try this on your pentium pee cee

Leonard J Popyack, Jr. popyackl at
Thu Dec 1 16:45:35 EST 1994

10 a# = 5505001
20 b# = 294911
30 PRINT (a# / b#)

the right answer should be 18.666651972968116  but it is not! 
According to intel, "The average user is not going to see this thing,
except once in 27,000 years."  Seems to me they used a pentium to 
compute the 27,000 years!  73 Len WF2V

>From Jim Reisert AD1C  01-Dec-1994 1646 <reisert at>  Thu Dec  1 21:43:19 1994
From: Jim Reisert AD1C  01-Dec-1994 1646 <reisert at> (Jim Reisert AD1C 01-Dec-1994 1646)
Date: Thu, 1 Dec 94 16:43:19 EST
Subject: X5
Message-ID: <9412012143.AA22725 at>

Peter ON6TT asked:

>How are we supposed to log X5 stations in the cqww? As Bosnia-Herzegovina or
>just as 0 point value?

Bob Cox, K3EST, told me last year they have no point or multiplier value
(they are not licensed by Bosnians).  Since the X5 prefix is not recognized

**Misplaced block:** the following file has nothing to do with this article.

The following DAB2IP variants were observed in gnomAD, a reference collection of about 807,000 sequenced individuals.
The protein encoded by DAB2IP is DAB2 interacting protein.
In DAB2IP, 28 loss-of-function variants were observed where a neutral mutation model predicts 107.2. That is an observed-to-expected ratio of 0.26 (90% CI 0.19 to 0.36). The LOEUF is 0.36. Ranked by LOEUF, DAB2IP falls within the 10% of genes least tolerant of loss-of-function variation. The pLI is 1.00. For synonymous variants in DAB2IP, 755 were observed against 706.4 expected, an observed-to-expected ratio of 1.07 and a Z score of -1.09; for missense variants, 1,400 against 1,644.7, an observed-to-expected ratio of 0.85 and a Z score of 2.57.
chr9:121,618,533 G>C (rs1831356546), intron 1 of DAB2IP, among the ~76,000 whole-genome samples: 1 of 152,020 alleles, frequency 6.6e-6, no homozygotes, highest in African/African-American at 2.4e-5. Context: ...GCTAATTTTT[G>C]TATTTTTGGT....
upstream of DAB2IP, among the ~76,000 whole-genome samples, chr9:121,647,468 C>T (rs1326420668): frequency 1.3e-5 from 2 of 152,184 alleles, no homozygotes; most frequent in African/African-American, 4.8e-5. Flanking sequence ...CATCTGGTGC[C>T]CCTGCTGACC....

by CT, the QSOs don't count (automatically).

73 - Jim AD1C

>From John Boudreau <ve8ev at>  Thu Dec  1 22:20:47 1994
From: John Boudreau <ve8ev at> (John Boudreau)
Date: Thu, 01 Dec 1994 15:20:47 MST
Subject: VE8 & SS

The biggest problem (radio wise) with living at higher latitudes
is the poor HF propagation.  When the K-index is higher than the 
sunspot numbers we're lucky to be able to get out at all.
Large (LARGE!) antenna arrays and maximum legal power will certainly
help but won't work miracles either.  For whatever reason the world
was built to favor middle latitudes (climate/propagation/etc.) and
there's not much we can do about it except try twice as hard and be
satisfied with 1/20th the results.  Or do like I do and make your own
version of 'spread spectrum': be set up for all bands/all modes and
usually you can find one thats still getting through.

John - VE8EV          QRV 160/80/40/30/20/17/15/12/10/6/2/.70

CU all on 160 this weekend...

John Boudreau VE8EV     INTERNET: ve8ev at

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